Swansea Says ‘Refugees Are Welcome Here’

cropped-sass-new-logo1.jpg

AT least 800 people turned out on Saturday in Castle Square, Swansea, to declare REFUGEES ARE WELCOME HERE.

There were similar rallies all across the UK, across Europe and around the world.

In Swansea, young and old, many with home-made banners, heard speeches calling on the UK government to do much, much more to take in refugees from Syria, Iraq, Eritrea, and all countries blighted by war and persecution. Speakers also called on the government to treat asylum-seekers in the UK with much, much more compassion.

Speakers from SBASSG called for better support, access to legal advice, and an end to the vicious policy of destitution. This policy leaves many people with nowhere to live and no income whatever, potentially for years on end. They often successfully claim refugee status in the end, but meanwhile are denied basic protection, basic dignity. The government even plans to extend this appalling policy from adults to children too.

This policy of making asylum-seekers suffer as much as possible, in order to put others off the idea of claiming asylum, is inhumane and does not even work. It makes many British people ashamed to be British.

Poet and activist Max Kpakio, who came to Swansea fleeing civil war in Liberia in 2002, spoke of the warm welcome he has received from people here, in his new home. He read a poem titled “I Feel Like Nobody Here”, about the way media and politicians demonise asylum-seekers like him. He now runs a charity promoting HIV awareness in Wales and Liberia.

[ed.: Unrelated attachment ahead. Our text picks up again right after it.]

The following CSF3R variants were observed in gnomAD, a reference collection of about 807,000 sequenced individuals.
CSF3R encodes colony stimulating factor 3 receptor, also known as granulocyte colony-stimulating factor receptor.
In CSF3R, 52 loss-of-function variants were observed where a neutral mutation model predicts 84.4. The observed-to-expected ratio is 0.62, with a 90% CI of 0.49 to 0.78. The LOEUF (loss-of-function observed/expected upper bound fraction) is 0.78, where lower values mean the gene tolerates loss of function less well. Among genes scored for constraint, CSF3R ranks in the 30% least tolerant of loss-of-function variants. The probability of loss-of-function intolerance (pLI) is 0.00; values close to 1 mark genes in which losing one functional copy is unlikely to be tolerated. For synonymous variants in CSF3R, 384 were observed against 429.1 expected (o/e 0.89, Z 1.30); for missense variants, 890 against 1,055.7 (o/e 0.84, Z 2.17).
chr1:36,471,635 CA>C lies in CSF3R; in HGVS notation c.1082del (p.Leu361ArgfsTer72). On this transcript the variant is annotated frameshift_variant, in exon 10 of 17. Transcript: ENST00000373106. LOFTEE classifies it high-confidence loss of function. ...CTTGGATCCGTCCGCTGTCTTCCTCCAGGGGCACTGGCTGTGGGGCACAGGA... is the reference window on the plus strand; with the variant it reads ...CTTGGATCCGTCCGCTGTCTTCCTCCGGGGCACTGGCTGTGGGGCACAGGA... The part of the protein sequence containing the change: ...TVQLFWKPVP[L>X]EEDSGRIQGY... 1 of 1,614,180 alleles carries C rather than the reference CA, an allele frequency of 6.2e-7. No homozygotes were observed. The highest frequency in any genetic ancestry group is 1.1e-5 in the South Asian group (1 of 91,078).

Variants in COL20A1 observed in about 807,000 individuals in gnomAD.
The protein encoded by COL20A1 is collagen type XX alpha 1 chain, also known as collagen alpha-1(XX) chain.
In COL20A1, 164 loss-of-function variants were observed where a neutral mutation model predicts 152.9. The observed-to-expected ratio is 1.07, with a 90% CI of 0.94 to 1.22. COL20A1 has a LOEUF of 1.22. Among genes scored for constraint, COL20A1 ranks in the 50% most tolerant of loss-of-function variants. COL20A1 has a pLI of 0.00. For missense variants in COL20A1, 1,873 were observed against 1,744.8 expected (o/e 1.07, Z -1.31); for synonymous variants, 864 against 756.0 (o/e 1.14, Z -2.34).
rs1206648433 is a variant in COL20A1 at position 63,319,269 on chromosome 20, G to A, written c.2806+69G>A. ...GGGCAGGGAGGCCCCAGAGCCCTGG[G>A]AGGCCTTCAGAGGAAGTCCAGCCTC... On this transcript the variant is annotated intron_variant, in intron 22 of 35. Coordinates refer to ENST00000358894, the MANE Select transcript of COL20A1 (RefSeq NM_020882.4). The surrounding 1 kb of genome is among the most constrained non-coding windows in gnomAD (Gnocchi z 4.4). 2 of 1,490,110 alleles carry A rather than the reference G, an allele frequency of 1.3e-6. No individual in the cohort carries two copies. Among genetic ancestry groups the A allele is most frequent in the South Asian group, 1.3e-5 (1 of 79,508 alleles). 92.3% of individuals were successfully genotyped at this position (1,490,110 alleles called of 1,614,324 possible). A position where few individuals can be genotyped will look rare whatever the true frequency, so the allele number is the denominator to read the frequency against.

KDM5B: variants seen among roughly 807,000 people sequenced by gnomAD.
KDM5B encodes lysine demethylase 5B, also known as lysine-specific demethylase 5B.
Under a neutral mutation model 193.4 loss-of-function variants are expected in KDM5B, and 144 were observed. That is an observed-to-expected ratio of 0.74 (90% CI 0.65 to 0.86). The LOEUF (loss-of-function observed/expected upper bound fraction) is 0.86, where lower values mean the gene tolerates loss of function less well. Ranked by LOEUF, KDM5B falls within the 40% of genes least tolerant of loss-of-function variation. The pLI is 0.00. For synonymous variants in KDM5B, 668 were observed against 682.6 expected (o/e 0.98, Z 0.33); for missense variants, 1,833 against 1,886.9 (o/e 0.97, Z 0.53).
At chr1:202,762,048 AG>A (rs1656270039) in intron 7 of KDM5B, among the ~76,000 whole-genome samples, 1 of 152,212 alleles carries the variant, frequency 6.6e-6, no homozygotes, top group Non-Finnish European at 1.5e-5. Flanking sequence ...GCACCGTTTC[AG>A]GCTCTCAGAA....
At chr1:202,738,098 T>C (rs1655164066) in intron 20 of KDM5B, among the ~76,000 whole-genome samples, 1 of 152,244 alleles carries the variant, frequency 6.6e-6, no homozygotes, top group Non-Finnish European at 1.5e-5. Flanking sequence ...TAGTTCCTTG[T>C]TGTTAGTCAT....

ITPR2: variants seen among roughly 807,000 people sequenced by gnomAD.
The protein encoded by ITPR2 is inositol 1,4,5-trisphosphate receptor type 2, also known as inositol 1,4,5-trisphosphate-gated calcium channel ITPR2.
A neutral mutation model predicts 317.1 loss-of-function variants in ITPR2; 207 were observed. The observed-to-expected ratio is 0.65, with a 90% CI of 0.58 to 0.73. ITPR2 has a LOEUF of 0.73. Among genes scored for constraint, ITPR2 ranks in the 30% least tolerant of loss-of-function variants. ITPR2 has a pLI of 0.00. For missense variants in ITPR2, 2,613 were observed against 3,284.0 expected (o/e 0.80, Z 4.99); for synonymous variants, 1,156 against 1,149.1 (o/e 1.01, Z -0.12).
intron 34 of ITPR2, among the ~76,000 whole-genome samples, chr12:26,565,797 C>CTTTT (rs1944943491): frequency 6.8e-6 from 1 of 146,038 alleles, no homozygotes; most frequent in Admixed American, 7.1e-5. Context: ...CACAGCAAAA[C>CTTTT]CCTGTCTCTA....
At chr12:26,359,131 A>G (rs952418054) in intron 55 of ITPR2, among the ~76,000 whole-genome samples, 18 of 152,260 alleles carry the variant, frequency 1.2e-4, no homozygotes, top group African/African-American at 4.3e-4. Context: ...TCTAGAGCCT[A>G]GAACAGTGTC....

The crowd responded generously to an appeal for money for charities supporting destitute asylum seekers: SBASSG, the Share Tawe project, EYST, and Unity in Diversity

Many people came forward with offers of help: to teach English, to befriend new arrivals, to take destitute people into their homes, to help out at drop-ins, to help raise funds, and much much more.

Unity in Diversity has a directory of services for asylum seekers. All these organisations need volunteers to help.

The appeal for donations raised just under £1000 on the spot – thank you, warm and generous people of Swansea!!

If you would like to help asylum seekers in the Swansea area, please register your interest with Swansea Bay Asylum Seekers Support Group here – we look to forward to hearing from you!

Revisiting ‘Between a Mountain and a Sea: Refugees Writing in Wales’

Between a Mountain and a Sea: Refugees Writing in Wales was published back in 2003 to raise awareness about the plight of refugees in Wales.

Its launch was covered by a BBC news article Asylum seekers and refugees in print, with the following extract:

I Feel Like Nobody Here by Maxson Sahr Kpakio

Feel like nobody here, ashamed, like everybody
Hates me,
But they don’t know me, they really
Don’t know who I am either,
Only they know what they read in the
Newspapers about me
And that is not me.
I feel like nobody here,
Despite the torture and persecution I managed
To escape from home, in search
Of a land of peace and respect for
Human rights, as soon as I got in,
I was put into detention centre,
And the newspapers did the rest.

If you are interested in reading more, you can find the book at Amazon here: Between a Mountain and a Sea: Refugees Writing in Wales.